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Canada’s Top Ten Weather Stories of 2020

– By David Phillips –

This article was first published by Environment and Climate Change Canada.

Prologue 2020

Canada is warming at nearly twice the global rate with parts of western and northern Canada warming three or four times the global average. Sea ice in the North is thinning and shrinking, and our unique ice shelves are crumbling into pieces. While Canada is still the snowiest country, less snow is falling across the south. White Christmases’ are less frequent and less white. Frost-free days are increasing, and our growing season is longer, but so too is the length and severity of the wildfire season. Weather systems are moving slower, leaving more time to make an impact. When it rains it often rains harder and longer. Records continue to topple like never before, often dramatically shattering previous records. So-called unprecedented events are becoming common, happening back-to-back, not decades apart. Our “Goldilocks” weather is not so sure any more with conditions being either too hot or too cold and too wet or too dry.

Scientists have made a clear link between climate change and extreme weather events that include heat waves, wildfires, some flooding and sea ice loss, and strong possibilities for linkages to heavy rain, icing, drought and storminess. As Canadians continue to experience more extreme weather, these top news events will simply, decades from now, be called “normal”. As the Top Ten Weather Stories of 2020 bear out, exceptional weather which we thought was futuristic is occurring here and now. It is playing out in our backyards, in our communities and in our country. What 2020 showed, through smoky skies in British Columbia, frequent hurricanes in the East, and vanishing ice in the North, climate change occurring elsewhere outside of Canada is also having an increasingly greater impact on the health and well-being of Canadians at home.


What an unsettling 2020 it was, as the world faced the largest public health crisis in over a century. The COVID-19 pandemic was certainly the top-news story with the lives lost, economic damage and societal unrest felt by the world’s billions. At times, the need to quarantine and social distance was made more challenging owing to the weather. Towards the end of the year in the midst of a second and third wave, the virus morbidity statistics were horrific and pandemic fatigue was taking over. However, there was hope that effective vaccines would soon make the dire threat go away. There is no vaccine for extreme weather only sustainable planning, preparedness and a rapid response.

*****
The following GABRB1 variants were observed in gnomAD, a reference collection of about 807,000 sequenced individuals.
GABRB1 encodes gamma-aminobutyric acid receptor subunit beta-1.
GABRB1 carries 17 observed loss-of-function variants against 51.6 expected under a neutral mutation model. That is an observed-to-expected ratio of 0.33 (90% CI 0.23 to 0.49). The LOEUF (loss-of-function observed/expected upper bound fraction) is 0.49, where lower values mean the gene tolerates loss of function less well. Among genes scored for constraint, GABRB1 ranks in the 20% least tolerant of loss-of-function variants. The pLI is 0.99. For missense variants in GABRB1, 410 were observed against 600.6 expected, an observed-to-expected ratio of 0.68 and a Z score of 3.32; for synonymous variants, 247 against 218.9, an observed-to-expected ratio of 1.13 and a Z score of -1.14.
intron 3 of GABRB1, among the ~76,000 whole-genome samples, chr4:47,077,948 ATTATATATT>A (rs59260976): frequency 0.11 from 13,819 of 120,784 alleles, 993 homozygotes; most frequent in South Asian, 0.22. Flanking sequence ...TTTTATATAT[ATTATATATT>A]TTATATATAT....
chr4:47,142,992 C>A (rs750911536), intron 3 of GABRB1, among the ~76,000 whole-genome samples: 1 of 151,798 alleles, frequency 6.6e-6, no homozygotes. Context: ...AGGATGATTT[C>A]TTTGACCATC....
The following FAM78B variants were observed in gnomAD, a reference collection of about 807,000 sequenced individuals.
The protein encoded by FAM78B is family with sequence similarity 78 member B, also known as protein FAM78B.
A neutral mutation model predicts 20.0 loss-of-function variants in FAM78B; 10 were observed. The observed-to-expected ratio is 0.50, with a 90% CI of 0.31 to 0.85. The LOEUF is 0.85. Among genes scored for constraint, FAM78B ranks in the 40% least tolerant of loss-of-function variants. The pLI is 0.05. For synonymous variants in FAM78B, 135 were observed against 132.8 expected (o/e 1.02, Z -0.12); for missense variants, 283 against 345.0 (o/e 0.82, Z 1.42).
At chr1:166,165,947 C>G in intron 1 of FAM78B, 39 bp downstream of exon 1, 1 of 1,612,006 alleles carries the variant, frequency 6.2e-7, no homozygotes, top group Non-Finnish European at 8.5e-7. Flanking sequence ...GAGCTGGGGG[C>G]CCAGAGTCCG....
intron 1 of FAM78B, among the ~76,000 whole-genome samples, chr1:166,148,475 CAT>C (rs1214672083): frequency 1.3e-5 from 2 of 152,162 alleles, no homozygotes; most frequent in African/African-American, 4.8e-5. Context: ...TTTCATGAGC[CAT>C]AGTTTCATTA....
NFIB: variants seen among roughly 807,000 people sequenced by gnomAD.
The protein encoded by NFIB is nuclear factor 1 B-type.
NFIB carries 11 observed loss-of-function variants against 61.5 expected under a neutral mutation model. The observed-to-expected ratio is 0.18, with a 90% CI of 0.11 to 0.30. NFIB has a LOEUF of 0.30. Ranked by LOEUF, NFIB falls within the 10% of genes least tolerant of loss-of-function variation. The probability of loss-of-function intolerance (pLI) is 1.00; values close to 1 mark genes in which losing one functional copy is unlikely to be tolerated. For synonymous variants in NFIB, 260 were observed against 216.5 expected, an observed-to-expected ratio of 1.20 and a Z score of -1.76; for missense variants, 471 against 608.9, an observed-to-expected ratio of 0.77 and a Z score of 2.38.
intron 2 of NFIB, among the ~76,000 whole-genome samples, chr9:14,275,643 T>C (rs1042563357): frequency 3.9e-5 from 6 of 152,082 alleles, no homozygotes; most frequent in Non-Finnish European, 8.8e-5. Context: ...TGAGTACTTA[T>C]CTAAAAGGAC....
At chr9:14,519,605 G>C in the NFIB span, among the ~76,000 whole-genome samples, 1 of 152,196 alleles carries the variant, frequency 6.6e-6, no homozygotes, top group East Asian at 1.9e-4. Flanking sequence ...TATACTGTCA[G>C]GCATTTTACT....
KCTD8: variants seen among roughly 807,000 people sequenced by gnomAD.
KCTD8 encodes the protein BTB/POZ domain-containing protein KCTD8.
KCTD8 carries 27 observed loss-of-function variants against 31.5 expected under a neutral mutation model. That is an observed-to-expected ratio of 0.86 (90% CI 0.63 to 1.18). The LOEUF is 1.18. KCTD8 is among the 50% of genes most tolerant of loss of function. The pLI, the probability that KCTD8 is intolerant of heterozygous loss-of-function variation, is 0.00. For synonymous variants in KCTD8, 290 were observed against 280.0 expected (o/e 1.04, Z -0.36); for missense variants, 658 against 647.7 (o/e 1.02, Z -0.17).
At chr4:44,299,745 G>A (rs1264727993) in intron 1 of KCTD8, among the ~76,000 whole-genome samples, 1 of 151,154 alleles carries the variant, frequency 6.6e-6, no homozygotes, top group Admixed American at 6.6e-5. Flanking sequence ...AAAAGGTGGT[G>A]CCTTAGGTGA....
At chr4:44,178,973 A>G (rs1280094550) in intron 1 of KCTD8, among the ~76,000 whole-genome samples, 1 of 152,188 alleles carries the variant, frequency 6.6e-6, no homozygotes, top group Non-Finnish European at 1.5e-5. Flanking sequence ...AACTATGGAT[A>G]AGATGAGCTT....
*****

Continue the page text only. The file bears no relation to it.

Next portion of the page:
Across Canada, 2020 was another year of destructive and impactful weather. Property damage from weather cost Canadians millions of dollars and the economy billions. Based on preliminary estimates compiled by Catastrophe Indices and Quantification Inc. (CatIQ), there were nine major catastrophic weather events, with total insured loss estimates approaching $2.5 billion. But that was only a fraction of total property losses and infrastructure costs from major and nuisance weather costing billions more.

Calgary rarely misses a ranking on the top ten weather list and this year it was again Number 1 from a billion-dollar hailer that pummelled the city on June 13. Alberta captured two of the year’s three top weather events with a second disaster in Fort McMurray when ice-choked rivers flooded downtown at the end of April. Of concern, six of the ten most expensive recent weather disasters in Canada have occurred in Alberta. Wildfires across Canada, especially in British Columbia were near-record low in terms of area burned. However, climate-induced wildfires in California and the United States Northwest spread smoke northward into British Columbia and Alberta forcing millions to gasp through foul, dirty air for nearly two terrible weeks in September. Warm waters in the Atlantic Ocean, the Caribbean Sea and the Gulf of Mexico along with a favourable atmospheric circulation led to a record number of named storms (30) in the North Atlantic. In Canada, eight storms entered our response waters but the deadly and crippling storms in the south largely spared us. Teddy was the most powerful tropical storm to affect Canada, but it was no Dorian or Juan.

An accurate count of tornadoes is never possible anywhere, but we are getting better in Canada with more extensive monitoring and surveillance. Nationally, 77 tornadoes were documented including a potential record 42 in Ontario, although Canada’s most powerful twister occurred at Scarth, Manitoba on August 7. Spring was largely a no-show in parts of southern Canada, but when summer did come, it was the summer of summers from Victoria Day to Labour Day. In Eastern Canada, it was one of between the fourth and seventh the warmest summers in 73 years, part of a global heatwave that stretched from Siberia in Russia to Death Valley in the United States. Summer wasn’t finished with the East in September. A lengthy and much welcomed warm interlude occurred in November and lasted more than a week when hundreds of high-temperature records were broken and often smashed. At the same time, an early winter with cold temperatures and snow prevailed across western Canada and the North. For Newfoundland and Labrador, it was snowpocalypse with record-breaking snowfalls in January in St. John’s and in November in Happy Valley-Goose Bay. In St. John’s on January 17, it was a true “Snowmageddon” lockdown prompting officials to call in the Canadian Armed Forces. At summer’s halfway point in August, stormy weather marred the civic long weekend in both east and west when powerful supercell storms inflicted extensive property damages and power outages, costing insurers over $50 million in Alberta alone.